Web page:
Energy and Environment News

Energy and Environment News

January 22, 2015

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Climate Change.  The Senate voted yesterday on three nonbinding amendments addressing the scientific consensus of climate change, and rejected the most politically contentious amendment stating that climate change is real and that human activity significantly contributes to it.  While the amendments have no chance of becoming law in light of a veto threat from President Obama, the votes nevertheless contributed to a strategy by Democrats to put Republicans on record about an issue that divides the party.  WSJ

Oil.  Anna Mikulska and Jim Krane warn against making long-term energy-related decisions based on recent falling oil prices, which are likely a short-term phenomenon.  They cite three specific examples where consumers and policymakers appear to be reacting to low oil prices: (1) recent spikes in low fuel-economy, large-model car sales (2) proposed legislation involving a hike in gasoline prices; and (3) popular sentiments that Keystone XL pipeline is no longer necessary.  Forbes

Climate Change.  Given that the Obama administration is expected to make its final emissions-cutting targets for the power industry this summer, two charitable groups – the Bloomberg Philanthropies and the Heising-Simons Foundation – are donating $48 million over the next three years to help states reduce emissions from electricity production.  The money will likely provide technical assistance, including economic forecasting and legal analysis, to roughly twelve states that have demonstrated interest in ambitious clean-energy plans.  NY Times

Energy and Environment News

Energy and Environment News

January 21, 2015

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Energy Outlook.   Maria Van Der Hoeven, executive director of the International Energy Agency (IEA), warned that low oil prices may deter investment in all types of energy projects and lead to supply shortages in the next decade.  The IEA’s latest analysis indicates that in 2015, oil investments will fall by 15 percent – or $100 billion –  from 2014 levels.  Bloomberg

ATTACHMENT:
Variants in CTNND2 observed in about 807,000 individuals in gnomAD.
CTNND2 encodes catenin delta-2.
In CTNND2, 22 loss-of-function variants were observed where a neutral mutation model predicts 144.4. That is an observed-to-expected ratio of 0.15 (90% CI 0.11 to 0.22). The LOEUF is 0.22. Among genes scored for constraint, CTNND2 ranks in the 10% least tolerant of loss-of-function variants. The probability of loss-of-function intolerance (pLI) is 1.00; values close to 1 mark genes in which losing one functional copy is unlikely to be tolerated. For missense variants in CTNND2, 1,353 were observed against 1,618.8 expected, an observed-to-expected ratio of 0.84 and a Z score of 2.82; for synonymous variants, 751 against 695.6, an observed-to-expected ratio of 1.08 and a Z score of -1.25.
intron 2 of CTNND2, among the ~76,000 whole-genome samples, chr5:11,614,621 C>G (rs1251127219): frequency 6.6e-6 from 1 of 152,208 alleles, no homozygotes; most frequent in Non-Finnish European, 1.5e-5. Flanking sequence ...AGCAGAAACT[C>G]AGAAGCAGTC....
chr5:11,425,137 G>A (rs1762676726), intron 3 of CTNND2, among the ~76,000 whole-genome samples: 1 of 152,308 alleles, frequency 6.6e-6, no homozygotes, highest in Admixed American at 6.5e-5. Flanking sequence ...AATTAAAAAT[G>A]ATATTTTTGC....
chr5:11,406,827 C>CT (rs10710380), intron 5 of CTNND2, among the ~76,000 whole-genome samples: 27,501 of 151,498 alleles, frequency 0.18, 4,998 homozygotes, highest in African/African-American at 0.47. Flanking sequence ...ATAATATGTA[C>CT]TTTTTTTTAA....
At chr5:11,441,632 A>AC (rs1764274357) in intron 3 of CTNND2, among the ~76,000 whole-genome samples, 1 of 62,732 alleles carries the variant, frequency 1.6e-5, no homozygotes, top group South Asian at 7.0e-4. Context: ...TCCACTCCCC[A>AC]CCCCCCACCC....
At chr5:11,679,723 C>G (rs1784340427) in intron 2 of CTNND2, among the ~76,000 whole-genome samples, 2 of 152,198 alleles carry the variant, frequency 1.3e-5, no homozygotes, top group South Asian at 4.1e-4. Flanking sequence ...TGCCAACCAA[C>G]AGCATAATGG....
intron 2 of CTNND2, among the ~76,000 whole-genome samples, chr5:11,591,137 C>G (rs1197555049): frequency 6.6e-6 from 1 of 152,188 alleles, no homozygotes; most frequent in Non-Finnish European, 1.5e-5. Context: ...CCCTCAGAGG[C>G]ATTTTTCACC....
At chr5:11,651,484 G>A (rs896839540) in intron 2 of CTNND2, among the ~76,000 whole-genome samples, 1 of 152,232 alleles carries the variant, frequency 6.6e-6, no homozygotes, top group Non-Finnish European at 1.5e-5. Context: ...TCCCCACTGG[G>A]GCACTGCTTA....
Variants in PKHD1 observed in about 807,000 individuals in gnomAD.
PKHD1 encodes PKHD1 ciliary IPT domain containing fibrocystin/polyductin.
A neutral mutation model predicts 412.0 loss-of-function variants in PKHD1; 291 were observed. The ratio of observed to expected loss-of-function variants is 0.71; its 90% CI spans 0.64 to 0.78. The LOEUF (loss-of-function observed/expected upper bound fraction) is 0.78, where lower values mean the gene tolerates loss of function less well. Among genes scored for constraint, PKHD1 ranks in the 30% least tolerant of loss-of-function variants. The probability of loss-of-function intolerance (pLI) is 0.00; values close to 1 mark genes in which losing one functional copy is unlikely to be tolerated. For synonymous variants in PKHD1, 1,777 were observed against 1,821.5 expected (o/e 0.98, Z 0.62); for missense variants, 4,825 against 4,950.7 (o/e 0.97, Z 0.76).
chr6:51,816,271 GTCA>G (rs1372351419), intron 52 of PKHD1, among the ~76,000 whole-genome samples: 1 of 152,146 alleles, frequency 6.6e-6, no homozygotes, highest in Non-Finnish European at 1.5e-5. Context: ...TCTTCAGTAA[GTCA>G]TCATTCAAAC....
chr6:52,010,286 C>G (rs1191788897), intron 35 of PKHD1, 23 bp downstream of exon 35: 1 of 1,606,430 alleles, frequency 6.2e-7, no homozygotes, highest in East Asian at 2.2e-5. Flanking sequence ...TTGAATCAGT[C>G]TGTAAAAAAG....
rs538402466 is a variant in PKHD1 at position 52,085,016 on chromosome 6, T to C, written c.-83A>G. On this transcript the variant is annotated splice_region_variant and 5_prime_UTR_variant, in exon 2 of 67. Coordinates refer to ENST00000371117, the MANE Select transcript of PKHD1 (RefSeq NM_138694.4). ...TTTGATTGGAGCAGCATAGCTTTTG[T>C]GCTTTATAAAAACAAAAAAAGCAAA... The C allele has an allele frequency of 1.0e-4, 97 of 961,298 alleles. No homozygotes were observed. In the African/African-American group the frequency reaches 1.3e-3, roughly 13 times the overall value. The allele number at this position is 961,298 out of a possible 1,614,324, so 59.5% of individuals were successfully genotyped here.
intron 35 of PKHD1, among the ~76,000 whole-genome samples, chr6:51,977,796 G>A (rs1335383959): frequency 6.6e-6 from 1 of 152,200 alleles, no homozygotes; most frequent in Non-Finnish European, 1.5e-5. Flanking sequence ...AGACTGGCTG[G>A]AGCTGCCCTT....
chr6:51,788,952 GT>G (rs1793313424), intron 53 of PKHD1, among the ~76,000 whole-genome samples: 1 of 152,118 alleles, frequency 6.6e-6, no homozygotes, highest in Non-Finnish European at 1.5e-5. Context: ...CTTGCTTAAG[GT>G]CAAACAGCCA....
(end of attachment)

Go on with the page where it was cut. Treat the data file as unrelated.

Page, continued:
Keystone XL.  The Senate approved an amendment to the Keystone XL pipeline bill aimed at improving energy efficiency in buildings with a 91 to 5 vote yesterday.  The amendment aims to make it easier for consumers to buy “smart-metered” water heaters and reduce the production costs for energy-efficient cooling and heating systems.  While these amendment measures have broad bipartisan support and are backed by President Obama, he will most likely still veto the bill.  NY Times

Energy Outlook.  Eduardo Porter of the New York Times asserts that U.S. industrial policies from nearly four decades ago are largely responsible for the supply glut at the root of the current plunge in world oil prices.  Porter argues that this serves as a valuable lesson for legislators looking to craft policies to reduce carbon emissions and mitigate the effects of climate change — specifically, that collaboration between government and business coupled with public investments in technology innovation have a strong record of success in the energy industry.  NY Times

Oil.  Global demand for oil remains subdued despite depressed prices largely due to tepid growth, the removal of government subsidies in countries such as India, and a stronger U.S. dollar.  Additionally, analysts note that structural shifts such as lifestyle changes and fuel efficiency standards have reduced consumption patterns for the longer-term, suggesting that the current oil-market slump is unlikely to be “fixed” by demand growth.  FT

Energy and Environment News

Energy and Environment News

January 20, 2015

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Oil.  Major international oil firms have shown interest in the initial phase of a bidding round for exploratory oil and gas blocks in the shallow waters of the Gulf of Mexico that are likely to be assigned mid-year by the Mexican government.  This shallow-water phase of the bidding round has not been affected by the recent plunge in oil prices because the production costs are modest.  WSJ